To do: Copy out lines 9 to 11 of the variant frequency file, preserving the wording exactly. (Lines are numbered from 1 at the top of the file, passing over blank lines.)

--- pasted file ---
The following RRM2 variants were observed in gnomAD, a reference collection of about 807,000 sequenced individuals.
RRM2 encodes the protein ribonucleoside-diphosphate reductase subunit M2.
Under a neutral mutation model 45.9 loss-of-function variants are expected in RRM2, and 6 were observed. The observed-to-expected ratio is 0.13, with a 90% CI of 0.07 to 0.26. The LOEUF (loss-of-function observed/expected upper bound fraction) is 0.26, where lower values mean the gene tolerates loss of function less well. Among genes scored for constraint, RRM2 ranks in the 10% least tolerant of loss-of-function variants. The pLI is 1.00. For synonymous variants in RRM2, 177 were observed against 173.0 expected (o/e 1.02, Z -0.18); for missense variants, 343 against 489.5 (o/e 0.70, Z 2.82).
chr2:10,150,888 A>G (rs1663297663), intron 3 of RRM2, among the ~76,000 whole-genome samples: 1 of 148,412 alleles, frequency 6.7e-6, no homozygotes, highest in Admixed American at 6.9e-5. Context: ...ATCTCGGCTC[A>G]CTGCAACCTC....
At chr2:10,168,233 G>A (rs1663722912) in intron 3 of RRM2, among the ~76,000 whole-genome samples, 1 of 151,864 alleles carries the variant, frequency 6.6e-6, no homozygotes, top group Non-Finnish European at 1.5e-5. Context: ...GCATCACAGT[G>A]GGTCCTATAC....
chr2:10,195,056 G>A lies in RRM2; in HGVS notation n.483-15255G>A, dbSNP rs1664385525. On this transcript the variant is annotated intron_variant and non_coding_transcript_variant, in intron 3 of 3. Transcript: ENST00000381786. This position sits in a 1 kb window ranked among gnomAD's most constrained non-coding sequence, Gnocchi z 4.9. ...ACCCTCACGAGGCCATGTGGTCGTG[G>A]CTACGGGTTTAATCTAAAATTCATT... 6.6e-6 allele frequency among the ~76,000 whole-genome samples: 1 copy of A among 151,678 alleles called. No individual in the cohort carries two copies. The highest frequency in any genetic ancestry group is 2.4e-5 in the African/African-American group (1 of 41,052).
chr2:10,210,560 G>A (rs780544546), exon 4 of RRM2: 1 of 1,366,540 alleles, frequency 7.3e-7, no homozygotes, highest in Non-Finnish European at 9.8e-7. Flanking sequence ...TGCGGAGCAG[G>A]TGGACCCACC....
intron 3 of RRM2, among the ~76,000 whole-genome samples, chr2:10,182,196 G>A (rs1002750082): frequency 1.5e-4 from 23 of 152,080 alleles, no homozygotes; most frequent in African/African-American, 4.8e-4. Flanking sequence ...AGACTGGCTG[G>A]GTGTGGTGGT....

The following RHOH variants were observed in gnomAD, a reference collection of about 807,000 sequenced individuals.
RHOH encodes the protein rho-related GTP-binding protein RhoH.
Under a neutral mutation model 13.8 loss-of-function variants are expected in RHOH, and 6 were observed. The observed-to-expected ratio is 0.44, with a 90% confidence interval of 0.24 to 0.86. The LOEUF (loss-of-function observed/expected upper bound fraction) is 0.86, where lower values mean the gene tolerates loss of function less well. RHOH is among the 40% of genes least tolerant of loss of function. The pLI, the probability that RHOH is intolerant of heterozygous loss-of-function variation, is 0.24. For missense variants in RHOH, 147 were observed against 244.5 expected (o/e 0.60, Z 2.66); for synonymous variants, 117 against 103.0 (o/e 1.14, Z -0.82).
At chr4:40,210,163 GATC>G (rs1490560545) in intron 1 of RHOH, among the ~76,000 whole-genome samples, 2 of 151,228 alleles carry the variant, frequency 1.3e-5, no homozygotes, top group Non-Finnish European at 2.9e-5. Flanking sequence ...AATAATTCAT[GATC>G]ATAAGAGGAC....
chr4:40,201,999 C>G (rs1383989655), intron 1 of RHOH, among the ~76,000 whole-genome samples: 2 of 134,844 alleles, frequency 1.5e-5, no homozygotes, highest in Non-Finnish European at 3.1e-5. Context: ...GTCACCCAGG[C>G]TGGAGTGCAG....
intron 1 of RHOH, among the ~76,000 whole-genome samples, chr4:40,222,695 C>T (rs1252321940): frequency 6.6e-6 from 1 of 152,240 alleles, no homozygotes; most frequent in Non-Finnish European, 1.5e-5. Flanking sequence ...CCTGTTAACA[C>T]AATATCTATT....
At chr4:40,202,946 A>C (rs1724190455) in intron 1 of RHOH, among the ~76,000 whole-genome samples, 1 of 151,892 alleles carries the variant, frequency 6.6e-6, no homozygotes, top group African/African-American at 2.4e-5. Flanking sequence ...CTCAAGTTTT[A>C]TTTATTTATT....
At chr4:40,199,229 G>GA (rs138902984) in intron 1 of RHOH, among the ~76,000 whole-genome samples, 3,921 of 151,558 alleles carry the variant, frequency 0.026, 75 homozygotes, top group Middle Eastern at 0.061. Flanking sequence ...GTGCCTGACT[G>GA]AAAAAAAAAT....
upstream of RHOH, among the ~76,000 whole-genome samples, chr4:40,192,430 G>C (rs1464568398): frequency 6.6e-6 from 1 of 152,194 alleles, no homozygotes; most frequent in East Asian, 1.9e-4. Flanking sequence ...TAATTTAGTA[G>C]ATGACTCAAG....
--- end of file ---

The following RHOH variants were observed in gnomAD, a reference collection of about 807,000 sequenced individuals.
RHOH encodes the protein rho-related GTP-binding protein RhoH.
Under a neutral mutation model 13.8 loss-of-function variants are expected in RHOH, and 6 were observed. The observed-to-expected ratio is 0.44, with a 90% confidence interval of 0.24 to 0.86. The LOEUF (loss-of-function observed/expected upper bound fraction) is 0.86, where lower values mean the gene tolerates loss of function less well. RHOH is among the 40% of genes least tolerant of loss of function. The pLI, the probability that RHOH is intolerant of heterozygous loss-of-function variation, is 0.24. For missense variants in RHOH, 147 were observed against 244.5 expected (o/e 0.60, Z 2.66); for synonymous variants, 117 against 103.0 (o/e 1.14, Z -0.82).